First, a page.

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Radiation inactivation of hamster acrosin reveals that the biologically active unit is of low molecular size






Biology of Reproduction 37(1): 249-256

Radiation inactivation of hamster acrosin reveals that the biologically active unit is of low molecular size

The relationship between structure and activity of acid-extracted and purified acrosin obtained from cauda epididymal hamster spermatozoa was studied. A four-step purification procedure of acrosin was used; it included 1.) acid extraction, 2.) gel filtration over Sephadex G-100 resin, 3.) ion exchange on CM-Sepharose CL-6B, and 4.) affinity chromatography on proflavin-Sepharose 4B. Analysis of the purified enzyme by high-performance liquid chromatography (300 SW + I-125) revealed a molecular weight of 44,000, which was identical to that obtained for acid-extracted acrosin. Slab-gel electrophoresis under nondenaturing conditions showed only one active band, as revealed with a highly sensitive assay using N.alpha.-benzyloxycarbonyl-L-lysine thiobenzyl ester as substrate. The radiation inactivation size of acid extracted acrosin was calculated to be 8400. This small unit could represent the active polypeptide portion of a larger monomer molecule or could represent the size of active subunits. Because acrosin is autocatalytic and highly active during fertilization, it is suggested that the active portion of the completely processed form of the enzyme is of small molecular weight.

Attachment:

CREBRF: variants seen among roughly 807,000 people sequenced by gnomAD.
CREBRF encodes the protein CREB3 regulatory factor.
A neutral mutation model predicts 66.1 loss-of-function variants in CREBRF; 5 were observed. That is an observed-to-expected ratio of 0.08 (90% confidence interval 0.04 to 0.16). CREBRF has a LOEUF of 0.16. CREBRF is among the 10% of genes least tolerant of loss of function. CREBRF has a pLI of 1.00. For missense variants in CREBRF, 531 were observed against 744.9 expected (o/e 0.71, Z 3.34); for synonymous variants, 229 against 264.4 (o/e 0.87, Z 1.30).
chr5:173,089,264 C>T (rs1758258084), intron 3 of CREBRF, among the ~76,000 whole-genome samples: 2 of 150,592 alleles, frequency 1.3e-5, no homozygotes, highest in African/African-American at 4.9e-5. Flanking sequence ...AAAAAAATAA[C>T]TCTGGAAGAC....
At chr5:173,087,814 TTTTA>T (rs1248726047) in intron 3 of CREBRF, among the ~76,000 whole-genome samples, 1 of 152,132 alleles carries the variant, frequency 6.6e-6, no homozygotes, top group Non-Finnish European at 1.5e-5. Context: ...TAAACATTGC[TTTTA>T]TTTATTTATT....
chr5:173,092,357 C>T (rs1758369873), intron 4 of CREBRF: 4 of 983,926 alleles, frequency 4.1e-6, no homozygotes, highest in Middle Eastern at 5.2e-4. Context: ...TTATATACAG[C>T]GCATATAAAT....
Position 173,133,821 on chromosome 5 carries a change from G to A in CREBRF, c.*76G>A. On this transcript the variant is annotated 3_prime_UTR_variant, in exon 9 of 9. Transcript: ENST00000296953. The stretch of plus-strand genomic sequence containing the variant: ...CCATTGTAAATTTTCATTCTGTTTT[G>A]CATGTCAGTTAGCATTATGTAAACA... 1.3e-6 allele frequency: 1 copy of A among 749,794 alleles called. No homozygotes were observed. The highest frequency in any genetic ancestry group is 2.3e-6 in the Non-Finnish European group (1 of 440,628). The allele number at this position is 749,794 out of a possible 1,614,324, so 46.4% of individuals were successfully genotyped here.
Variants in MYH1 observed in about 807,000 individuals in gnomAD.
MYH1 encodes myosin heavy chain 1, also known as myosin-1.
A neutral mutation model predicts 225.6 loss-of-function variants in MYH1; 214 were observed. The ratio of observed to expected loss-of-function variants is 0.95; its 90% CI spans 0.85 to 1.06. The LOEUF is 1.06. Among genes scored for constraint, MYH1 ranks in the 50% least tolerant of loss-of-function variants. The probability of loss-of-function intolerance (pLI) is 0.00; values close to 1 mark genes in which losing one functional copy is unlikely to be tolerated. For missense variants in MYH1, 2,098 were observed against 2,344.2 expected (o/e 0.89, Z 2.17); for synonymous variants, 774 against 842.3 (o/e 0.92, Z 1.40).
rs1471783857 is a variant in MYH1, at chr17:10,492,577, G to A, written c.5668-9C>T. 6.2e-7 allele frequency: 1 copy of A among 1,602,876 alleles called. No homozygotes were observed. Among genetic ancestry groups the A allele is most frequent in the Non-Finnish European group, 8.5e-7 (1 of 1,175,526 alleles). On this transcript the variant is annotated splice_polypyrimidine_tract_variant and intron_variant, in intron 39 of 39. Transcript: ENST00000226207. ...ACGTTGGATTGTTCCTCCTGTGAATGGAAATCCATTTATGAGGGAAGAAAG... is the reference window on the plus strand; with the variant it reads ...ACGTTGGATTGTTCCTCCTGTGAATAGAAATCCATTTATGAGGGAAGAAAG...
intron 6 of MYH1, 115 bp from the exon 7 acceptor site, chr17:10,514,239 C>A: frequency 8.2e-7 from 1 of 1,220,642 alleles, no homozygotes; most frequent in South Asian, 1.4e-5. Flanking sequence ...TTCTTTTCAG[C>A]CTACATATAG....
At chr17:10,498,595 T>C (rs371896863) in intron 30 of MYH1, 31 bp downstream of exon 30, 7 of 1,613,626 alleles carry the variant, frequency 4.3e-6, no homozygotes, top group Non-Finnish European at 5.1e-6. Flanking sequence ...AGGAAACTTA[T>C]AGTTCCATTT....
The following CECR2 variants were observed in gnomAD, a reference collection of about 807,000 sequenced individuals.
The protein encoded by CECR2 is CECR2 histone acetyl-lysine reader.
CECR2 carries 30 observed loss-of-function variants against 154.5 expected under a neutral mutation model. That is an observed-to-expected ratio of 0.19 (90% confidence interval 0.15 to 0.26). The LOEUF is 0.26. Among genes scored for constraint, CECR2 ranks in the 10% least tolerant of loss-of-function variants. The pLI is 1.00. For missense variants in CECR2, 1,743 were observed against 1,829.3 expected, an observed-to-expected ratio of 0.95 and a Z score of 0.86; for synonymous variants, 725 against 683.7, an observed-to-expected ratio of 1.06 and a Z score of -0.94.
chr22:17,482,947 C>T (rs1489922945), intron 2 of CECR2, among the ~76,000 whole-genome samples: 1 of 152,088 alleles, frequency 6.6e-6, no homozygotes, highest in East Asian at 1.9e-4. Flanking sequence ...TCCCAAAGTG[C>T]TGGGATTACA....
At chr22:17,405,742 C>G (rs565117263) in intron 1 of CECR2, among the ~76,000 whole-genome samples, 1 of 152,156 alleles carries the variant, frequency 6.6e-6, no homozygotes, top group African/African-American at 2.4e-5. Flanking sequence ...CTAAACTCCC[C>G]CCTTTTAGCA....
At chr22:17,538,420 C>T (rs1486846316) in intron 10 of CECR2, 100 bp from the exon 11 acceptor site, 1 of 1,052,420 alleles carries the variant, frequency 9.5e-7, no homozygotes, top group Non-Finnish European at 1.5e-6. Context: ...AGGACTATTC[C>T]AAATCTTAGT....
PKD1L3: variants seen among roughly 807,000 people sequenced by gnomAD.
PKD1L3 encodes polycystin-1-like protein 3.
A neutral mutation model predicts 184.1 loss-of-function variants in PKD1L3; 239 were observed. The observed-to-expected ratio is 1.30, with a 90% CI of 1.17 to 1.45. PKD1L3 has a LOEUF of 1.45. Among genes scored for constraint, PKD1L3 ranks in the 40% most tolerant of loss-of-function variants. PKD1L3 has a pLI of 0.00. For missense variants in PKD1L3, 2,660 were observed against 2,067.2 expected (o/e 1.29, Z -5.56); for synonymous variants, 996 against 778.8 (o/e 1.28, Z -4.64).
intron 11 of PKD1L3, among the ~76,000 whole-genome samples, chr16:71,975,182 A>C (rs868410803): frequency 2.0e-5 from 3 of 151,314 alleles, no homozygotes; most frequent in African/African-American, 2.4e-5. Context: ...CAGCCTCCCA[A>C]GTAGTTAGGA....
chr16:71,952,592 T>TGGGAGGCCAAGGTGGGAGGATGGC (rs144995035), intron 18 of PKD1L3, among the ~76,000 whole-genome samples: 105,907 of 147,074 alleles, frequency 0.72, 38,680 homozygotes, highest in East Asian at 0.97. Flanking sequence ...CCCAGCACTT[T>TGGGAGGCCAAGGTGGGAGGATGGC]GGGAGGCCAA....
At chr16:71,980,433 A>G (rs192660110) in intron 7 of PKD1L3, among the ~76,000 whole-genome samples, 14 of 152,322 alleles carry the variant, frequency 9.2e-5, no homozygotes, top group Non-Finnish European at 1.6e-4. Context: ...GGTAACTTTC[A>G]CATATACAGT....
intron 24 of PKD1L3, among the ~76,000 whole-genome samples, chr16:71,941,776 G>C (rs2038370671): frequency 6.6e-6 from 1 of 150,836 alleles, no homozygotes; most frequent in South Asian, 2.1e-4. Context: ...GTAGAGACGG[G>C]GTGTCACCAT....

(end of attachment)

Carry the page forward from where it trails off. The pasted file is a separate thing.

Accession: 001667703

PMID: 3477295

DOI: 10.1095/biolreprod37.1.249



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